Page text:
Netflix’s Biohackers — What’s real and what’s science fiction (for now)
I am a sucker for a good science fiction TV show and, like many of you, I binge-watched the 6 episodes of Netflix’s german show “Biohackers” in a single day. How could you not? Glowing plants, underwater pills, see-in-the-dark eye drops, killer mosquitos — it’s fun to escape into this futuristic world.
But, how much of it is real?
The show talks about synthetic biology being the future of medicine, and arguably of all technology. Having a background in synthetic biology, naturally, I want to set the record straight on what’s actually backed by science and what’s purely science fiction (at least for now).
What is synthetic biology?
Synthetic biology involves re-designing of organisms to give them new abilities (you could call them superpowers).
One of the most well-known examples of synthetic biology on a commercial scale is the production of insulin.
In the 1920s, researchers Best and Banting extracted insulin from a dog’s pancreas and successfully used it to help regulate blood glucose levels in diabetic patients.
For almost 50 years, insulin was then produced using pigs (and extracting insulin from their pancreas). Not very fun for the pigs. Also, this caused allergic reactions in some diabetic patients.
All you animal lovers will be happy to hear, we don’t do it this way anymore. Scientists were able to insert the human insulin gene into a bacterial cell. So now, all we have to do is grow the bacteria then isolate the human insulin that it produces.
This is a much faster and cheaper process than using pigs. Plus, there were no issues with allergic reactions since this was human insulin, not pig insulin. All thanks to gene editing of the bacteria.
Ok, so now that we’ve established that synthetic biology is a not science fiction, let’s take a look at Netflix’s Biohackers show.
Glow in the dark plants
This is real!
A team of scientists inserted bioluminescent mushroom genes into tobacco plants making them glow. This glow is linked to a major biosynthetic pathway in the plant, meaning, as the plant goes about its day-to-day functions, it is also glowing.
Wouldn’t a world where the streets are illuminated at night by glowing trees be neat?
This is science fiction.
In the Netflix show, these pills were not that successful and that seems to be the case in real-life as well.
I found an article that mentions a spoonful of “aquaman” crystals that could potentially be taken orally to absorb oxygen from water. But, a retraction was posted when scientists a the university realized a calculation error was made. It wasn’t a spoonful, but a 10-liter bucket of crystals that would be required.
Plus, there were absolutely no human studies, this was purely a hypothetical application for the crystal!
This is real! (But, it isn’t synthetic biology).
The show makes this seem a lot more complex than it actually is. In reality, you could make one at home. It is often done with bananas on an electronic prototyping platform, such as Arduino.
Essentially, there is a hidden circuit that the plant must be hooked up to. When you touch the leaf, you change the resistance and therefore the voltage in the electric circuit. The computer will register this difference and play a corresponding sound.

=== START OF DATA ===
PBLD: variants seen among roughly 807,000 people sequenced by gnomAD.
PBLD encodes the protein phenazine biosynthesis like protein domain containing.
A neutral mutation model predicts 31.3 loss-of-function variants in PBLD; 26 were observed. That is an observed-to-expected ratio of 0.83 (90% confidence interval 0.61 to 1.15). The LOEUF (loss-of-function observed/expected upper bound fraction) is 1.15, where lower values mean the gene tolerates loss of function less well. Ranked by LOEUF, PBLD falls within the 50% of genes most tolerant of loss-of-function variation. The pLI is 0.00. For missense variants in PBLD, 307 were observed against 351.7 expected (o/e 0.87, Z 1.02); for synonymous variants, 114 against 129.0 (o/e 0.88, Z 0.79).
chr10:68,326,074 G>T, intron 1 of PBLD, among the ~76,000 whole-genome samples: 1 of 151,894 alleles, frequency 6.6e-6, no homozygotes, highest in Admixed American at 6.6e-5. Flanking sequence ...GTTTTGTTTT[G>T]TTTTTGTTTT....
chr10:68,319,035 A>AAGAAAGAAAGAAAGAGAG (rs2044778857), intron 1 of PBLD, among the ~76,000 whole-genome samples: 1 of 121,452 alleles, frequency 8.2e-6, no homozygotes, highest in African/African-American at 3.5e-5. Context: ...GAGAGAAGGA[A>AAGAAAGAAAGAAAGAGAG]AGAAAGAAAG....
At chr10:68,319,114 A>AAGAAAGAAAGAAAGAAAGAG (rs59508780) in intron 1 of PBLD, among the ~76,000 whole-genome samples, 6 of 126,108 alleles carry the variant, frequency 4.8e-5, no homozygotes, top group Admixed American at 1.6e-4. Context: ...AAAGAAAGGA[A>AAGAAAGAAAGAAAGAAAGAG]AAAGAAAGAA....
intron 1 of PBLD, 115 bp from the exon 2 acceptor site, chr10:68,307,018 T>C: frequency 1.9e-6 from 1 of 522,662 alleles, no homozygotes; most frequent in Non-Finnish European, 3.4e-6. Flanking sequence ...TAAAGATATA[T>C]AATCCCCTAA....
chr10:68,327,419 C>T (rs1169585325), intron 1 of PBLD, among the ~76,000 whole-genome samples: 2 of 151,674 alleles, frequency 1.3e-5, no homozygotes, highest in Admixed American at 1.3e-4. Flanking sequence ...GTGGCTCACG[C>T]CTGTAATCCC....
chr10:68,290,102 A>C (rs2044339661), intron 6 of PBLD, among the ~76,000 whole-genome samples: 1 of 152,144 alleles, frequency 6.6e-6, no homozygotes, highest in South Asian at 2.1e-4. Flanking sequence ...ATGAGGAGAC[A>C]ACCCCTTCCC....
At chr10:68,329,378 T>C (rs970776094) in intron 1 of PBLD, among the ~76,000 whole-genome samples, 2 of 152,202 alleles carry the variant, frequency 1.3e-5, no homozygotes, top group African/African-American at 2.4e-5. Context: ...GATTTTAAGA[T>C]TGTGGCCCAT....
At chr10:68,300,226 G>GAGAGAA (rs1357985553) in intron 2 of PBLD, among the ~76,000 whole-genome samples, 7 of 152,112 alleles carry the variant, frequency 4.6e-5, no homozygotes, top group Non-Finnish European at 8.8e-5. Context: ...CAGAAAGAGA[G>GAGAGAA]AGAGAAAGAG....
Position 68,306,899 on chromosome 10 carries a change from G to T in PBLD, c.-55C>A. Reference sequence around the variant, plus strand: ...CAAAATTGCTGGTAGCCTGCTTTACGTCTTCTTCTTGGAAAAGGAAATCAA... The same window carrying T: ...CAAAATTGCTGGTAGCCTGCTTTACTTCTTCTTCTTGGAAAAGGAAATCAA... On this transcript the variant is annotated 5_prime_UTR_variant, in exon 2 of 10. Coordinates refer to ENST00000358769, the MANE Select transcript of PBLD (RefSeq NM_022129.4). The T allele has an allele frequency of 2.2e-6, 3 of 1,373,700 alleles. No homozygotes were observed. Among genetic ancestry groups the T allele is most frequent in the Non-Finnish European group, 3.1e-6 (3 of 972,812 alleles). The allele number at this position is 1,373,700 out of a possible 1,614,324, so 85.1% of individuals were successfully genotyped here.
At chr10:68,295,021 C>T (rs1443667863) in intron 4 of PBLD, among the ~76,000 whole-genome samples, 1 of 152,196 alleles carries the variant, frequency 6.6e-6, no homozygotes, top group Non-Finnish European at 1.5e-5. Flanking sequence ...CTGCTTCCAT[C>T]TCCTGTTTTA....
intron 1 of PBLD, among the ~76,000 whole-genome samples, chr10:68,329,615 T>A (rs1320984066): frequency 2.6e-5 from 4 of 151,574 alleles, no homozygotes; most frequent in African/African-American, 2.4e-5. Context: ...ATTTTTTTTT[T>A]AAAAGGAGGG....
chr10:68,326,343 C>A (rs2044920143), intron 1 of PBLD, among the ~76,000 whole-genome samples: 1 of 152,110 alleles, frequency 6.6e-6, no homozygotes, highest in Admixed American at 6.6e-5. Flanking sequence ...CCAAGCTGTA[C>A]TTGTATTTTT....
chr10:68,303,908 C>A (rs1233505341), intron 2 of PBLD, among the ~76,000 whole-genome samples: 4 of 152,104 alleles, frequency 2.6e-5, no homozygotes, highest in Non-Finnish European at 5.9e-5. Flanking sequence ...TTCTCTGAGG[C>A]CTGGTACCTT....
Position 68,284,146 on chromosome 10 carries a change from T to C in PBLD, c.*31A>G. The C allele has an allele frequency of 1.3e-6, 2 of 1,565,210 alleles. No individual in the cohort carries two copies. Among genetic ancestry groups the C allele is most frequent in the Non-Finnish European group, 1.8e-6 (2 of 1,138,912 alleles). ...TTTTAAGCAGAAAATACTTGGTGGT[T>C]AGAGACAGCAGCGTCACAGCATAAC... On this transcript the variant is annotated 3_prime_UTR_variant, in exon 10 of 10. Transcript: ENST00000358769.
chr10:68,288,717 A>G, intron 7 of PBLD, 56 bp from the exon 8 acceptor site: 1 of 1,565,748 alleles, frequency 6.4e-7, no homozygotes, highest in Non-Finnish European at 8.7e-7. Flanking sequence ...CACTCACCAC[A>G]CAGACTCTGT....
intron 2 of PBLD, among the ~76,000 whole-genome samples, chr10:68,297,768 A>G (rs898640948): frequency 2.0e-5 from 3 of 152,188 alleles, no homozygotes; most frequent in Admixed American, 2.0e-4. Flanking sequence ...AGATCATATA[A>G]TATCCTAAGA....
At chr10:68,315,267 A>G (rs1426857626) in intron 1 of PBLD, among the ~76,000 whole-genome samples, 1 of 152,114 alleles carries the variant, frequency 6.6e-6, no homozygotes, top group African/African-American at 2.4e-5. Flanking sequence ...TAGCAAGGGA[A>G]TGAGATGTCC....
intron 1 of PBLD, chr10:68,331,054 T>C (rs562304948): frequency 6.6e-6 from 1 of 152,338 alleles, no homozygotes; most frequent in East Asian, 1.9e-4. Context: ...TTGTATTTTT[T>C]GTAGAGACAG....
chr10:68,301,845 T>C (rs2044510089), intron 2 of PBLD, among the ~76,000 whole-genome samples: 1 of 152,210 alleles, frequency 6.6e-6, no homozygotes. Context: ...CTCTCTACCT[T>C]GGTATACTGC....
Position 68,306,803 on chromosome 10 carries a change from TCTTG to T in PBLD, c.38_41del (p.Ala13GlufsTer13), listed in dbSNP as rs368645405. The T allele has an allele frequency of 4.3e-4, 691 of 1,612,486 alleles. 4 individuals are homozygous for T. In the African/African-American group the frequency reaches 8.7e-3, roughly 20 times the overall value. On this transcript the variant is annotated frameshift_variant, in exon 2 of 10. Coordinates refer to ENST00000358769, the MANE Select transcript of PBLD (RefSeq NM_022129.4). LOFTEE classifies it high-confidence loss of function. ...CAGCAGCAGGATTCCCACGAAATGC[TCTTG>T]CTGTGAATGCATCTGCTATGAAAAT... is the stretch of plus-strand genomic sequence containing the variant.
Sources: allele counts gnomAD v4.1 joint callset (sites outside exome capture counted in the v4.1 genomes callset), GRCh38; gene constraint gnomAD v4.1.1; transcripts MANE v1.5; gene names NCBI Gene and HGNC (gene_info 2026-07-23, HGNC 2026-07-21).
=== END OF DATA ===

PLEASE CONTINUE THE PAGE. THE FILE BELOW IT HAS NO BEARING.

See-in-the-dark eye drops
Yup! This is real!
In 2015, the cancer treatment agent, Chlorin e6 (Ce6), mixed with insulin, was dropped into the eye of Gabriel Licina. For several hours after, he was able to identify people standing in the pitch-dark forest over 50 m away. Something none of the control subjects could do.
The effects were not permanent and Gabriel didn’t show any adverse effects in the following 20 days. A more in-depth study was done in 2019, which showed the mechanism of this phenomenon in the body.
Jasper’s killer mosquitos
In the show, Jasper “genetically modifies” the mosquito to become transmitters of the Coxsackie virus, which affects the muscle of the heart.
The virus can be found in mosquitos from Fiji. But, they are simply carriers of the virus and are not genetically modified as the show implies
But, genetically modified mosquitos are real!
Researchers at Oxitec have been creating genetically modified mosquitos in attempts to lower mosquito populations. The modified mosquitos would outcompete the “natural” mosquitoes, which are carriers of dangerous viruses like the Zika virus.
They carry a gene that makes the female mosquitos (which feed on blood) die before they reach “the biting age”. The males, which feed on only nectar, would not be affected.
Rogue scientists with no morals
The show addresses some moral concerns when Dr. Lorenz runs experiments without the approval of an ethics committee.
As much as I would like to say this never happens, it does. There are scientists who believe that ethics boards stand in the way of progress and are slowing down technology development.
It is imperative that approval protocols are followed and new protocols are developed as technologies are changing.
Netflix’s Biohackers features many interesting technologies but, not all of these technologies can be classified as synthetic biology or genetic engineering. Many concepts are much simpler than portrayed in the show.
Did I miss anything? Let me know your thoughts in the comments.